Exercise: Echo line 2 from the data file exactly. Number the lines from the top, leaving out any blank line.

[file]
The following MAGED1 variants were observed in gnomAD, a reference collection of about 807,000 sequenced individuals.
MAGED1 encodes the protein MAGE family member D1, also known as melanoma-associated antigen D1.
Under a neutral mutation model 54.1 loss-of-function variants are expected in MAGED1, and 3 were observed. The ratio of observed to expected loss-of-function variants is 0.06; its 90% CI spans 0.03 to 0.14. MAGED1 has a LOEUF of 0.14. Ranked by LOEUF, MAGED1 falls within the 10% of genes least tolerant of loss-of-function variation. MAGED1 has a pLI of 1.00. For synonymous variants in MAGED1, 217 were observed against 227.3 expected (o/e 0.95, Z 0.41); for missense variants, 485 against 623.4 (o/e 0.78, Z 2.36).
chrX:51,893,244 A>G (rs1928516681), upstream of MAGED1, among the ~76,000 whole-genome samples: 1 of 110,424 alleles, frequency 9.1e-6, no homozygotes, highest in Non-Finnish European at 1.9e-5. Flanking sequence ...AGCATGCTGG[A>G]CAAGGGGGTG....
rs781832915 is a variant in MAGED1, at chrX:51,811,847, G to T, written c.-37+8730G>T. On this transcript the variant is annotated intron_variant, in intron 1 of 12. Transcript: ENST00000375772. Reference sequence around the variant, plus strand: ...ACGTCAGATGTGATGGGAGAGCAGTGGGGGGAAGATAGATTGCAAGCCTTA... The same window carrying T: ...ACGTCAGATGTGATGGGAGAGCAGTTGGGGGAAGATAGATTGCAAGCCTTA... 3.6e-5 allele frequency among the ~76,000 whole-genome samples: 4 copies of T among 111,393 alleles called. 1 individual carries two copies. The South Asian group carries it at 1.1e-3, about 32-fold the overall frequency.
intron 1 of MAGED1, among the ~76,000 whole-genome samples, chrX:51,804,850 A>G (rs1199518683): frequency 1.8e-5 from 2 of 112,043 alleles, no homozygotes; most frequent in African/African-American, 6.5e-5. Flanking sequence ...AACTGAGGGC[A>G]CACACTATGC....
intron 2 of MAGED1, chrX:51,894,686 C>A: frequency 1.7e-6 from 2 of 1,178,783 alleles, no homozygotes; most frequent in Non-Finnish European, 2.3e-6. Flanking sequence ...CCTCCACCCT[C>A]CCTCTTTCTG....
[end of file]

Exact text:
MAGED1 encodes the protein MAGE family member D1, also known as melanoma-associated antigen D1.